Schools certainly have a role to play in ameliorating this dynamic, but at best we can be junior partners, ones who take direction rather than define it. Rather, we need to be part of a larger conversation about what matters most to America. Does the American vision have room only for the elite, the “winners” that Friedman describes, or is there room for everyone? There are plenty of ways to answer that question, many of which are likely to cause massive disagreements. America, though, has always been innovative, so perhaps it is time to channel some of that innovation into systems that provide both profit and employment, innovation with empathy, and most importantly, opportunity for all.
Wednesday, January 23, 2013
With very little fanfare, a game-changing technology has quietly taken root in many American classrooms. The kidney-shaped table, as humble as it may seem, has become a key innovation, used by teachers to manage their classrooms because of it’s astounding ability to multiply time.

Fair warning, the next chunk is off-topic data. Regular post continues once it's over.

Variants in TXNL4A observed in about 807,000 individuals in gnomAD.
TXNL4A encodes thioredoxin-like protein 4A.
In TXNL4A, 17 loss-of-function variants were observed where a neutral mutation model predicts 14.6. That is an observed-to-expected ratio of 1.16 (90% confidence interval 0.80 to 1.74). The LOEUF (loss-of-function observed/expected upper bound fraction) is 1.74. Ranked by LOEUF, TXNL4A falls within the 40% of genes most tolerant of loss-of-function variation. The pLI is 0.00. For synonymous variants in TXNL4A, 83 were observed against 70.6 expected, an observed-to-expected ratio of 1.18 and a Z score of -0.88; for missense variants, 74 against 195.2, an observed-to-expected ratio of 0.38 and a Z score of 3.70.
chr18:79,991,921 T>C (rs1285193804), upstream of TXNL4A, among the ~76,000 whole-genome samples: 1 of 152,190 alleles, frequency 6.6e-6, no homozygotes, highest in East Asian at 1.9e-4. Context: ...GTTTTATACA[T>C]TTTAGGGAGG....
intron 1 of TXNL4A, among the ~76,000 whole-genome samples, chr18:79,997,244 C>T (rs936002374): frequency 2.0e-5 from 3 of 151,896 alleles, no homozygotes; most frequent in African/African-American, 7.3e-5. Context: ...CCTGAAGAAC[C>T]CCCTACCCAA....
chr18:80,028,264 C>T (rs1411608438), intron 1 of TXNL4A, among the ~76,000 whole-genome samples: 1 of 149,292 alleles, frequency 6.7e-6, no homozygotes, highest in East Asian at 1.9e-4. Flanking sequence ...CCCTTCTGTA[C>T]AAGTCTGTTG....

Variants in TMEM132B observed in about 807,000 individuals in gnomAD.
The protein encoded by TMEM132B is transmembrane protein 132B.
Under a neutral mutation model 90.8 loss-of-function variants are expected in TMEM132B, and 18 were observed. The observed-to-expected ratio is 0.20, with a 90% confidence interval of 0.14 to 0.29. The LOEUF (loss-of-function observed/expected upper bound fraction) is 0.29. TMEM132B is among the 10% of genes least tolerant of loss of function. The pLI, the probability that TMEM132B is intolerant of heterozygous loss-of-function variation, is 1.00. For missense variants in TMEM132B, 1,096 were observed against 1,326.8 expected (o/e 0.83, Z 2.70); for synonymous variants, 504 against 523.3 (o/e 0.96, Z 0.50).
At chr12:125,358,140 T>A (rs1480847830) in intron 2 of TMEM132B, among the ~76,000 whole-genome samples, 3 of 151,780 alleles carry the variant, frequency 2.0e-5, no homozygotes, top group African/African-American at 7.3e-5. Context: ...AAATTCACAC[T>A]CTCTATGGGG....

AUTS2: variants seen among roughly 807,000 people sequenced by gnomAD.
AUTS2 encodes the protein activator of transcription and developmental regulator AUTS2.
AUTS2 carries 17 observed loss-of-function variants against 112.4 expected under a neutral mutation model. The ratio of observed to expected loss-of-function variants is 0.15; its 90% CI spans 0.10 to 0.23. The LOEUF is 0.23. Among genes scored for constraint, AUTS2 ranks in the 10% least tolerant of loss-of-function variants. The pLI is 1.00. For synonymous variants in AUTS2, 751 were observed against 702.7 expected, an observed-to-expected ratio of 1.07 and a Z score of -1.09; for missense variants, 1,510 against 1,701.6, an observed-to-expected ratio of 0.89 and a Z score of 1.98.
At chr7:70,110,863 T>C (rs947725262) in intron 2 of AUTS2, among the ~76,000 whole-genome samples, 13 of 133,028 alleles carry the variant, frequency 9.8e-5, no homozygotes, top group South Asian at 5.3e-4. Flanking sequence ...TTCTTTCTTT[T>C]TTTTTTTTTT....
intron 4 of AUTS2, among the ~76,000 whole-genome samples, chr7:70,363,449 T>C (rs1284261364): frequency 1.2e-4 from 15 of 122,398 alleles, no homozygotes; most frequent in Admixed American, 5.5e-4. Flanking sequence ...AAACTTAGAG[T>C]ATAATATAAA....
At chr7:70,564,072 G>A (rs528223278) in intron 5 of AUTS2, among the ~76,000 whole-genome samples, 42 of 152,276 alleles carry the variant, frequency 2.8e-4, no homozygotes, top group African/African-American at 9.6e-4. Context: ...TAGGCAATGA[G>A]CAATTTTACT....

When Hermione Granger saved the day in Harry Potter and the Prisoner of Azkaban by pulling out her Time-Turner, enabling her and Harry to go back in time, everyone probably just assumed it was another example of that silly wizarding fantasy stuff those movies were full of, because of course you can’t manipulate time.
But the kidney-shaped table gives teachers a sort of Time-Turner that allows them to create extra time in their classrooms. By simply dividing students up into groups and rotating the groups up to the kidney-shaped table for work that is customized to their current academic levels, the teacher can actually multiply her efforts and solve that pesky but persistent problem of never having enough time to help each student.
OK, I realize this has begun to sound ridiculous, because of course you can’t actually multiply time. In fact, I’m pretty sure no one has too exactly attempted to sell the idea of using kidney-shaped tables as a means of multiplying time. It has, however, been over-hyped as a simple solution to a complex problem. Perhaps one might make the case that overselling the innovative capabilities of the kidney-shaped table is a harmless promotional trick for a strategy that might in fact have some value. On the other hand, I would make the case that this simplistic answer to the complex issues of meeting the individual needs of students causes us to believe we’ve solved a problem when all we’ve done is put lipstick on a pig.